Sonic Visualiser is an open source application for viewing and analysing audio files.
At first glance, the program looks like many other audio tools. Open an audio file (MP3, OGG or WAV), a standard waveform is displayed, and you can scroll through it by clicking "Play".
You don't have to live with a single waveform, though. Sonic Visualiser can add more, perhaps giving separate views for the left, right and combined channels. There are spectrogram, melodic range, peak frequency and spectrum views, again based on your preferred channels, and you can display and combine as many as you need.
Each pane is exceptionally configurable: there are multiple channel views (Separate, Mean, Butterfly), scale options (dB, Linear, Meter), gain, pan and balance tweaks, amongst others.
This means you're able to view the same audio data in many different ways. Click "Play" and each pane displays its own custom view on the current track. Support for time-stretch playback (slowing down or speeding up while retaining a synchronised display) also helps you examine areas of interest.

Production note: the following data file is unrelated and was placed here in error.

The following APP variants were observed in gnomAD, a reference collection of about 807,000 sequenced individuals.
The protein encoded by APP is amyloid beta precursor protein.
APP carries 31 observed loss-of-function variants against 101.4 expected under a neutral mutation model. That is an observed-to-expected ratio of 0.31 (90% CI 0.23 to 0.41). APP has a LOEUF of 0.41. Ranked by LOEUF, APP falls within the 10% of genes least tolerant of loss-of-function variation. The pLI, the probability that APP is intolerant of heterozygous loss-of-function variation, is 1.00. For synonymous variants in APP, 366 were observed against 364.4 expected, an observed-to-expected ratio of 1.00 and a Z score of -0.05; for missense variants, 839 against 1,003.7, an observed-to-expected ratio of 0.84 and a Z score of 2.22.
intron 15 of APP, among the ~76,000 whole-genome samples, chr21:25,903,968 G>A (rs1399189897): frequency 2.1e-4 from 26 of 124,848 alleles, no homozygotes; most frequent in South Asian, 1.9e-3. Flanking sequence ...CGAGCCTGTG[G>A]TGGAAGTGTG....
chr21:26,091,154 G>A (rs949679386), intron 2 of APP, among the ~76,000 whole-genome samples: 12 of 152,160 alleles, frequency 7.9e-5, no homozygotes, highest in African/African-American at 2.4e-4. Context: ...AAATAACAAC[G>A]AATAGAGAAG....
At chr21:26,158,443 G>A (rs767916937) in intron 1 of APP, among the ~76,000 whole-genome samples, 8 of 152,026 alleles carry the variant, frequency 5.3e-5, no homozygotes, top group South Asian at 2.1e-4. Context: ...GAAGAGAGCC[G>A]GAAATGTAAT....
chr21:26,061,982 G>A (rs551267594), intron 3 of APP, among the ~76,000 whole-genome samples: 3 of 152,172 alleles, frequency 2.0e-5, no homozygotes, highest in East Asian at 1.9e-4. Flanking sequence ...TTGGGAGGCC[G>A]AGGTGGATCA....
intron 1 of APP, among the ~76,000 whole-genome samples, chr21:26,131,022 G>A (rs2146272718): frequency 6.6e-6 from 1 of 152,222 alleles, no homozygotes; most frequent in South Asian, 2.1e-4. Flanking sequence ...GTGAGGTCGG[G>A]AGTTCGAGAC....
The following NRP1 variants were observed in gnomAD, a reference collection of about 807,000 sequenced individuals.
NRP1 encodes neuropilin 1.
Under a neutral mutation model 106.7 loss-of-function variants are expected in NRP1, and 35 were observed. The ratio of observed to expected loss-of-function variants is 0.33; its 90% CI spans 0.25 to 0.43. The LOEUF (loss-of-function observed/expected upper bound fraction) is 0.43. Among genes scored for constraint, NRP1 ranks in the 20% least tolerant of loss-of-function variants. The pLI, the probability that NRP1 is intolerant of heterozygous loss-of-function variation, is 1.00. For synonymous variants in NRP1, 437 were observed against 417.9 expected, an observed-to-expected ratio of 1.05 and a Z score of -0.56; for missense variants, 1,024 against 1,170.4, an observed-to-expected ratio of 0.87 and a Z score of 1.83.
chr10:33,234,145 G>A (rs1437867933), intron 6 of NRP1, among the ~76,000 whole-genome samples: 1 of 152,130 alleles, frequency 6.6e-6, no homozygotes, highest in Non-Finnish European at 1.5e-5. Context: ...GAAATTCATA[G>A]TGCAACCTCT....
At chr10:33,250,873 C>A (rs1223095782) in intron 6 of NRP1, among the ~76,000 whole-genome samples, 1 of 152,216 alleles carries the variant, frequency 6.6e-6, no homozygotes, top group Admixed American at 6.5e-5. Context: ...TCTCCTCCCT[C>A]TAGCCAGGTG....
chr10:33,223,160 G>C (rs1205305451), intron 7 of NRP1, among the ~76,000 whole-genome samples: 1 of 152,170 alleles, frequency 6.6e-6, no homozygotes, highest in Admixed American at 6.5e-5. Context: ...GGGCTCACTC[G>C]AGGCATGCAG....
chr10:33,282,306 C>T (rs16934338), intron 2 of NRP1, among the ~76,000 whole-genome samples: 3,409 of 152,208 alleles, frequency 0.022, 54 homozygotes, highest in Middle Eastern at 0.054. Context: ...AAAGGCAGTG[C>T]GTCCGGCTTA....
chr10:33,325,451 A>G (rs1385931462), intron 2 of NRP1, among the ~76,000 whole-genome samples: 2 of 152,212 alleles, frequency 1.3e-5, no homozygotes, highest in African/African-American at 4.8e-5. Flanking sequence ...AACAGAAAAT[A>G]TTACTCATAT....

Sonic Visualiser can then annotate your files by adding labelled time points, segments, point values and curves, and optionally overlaying these later.
And if this isn't enough, the program can be extended further with assorted free Vamp plugins. As we write, these include beat trackers; tempo and key estimators; pitch, tempo and note trackers; harmony and chord extraction; timbral and rhythmic similarity estimators, and plenty more.
Changes in Sonic Visualiser 2.5 since the previous release 2.4.1:
- Add unit-converter dialog, for converting between various pitch and timing units
- Fix failure to reload note layers from session file
- Use a more sensible scale for the play-speed dial
- Fix crash when importing very wide CSV files
- Fix generation of wrong layer type from some CSV files
- Fix failure to export last instant in a time-instant layer
Sonic Visualiser is a powerful and extremely configurable audio analysis tool. Don't be intimidated by the program's advanced capabilities, though - it's surprisingly easy to use, and you'll pick up the basics very quickly.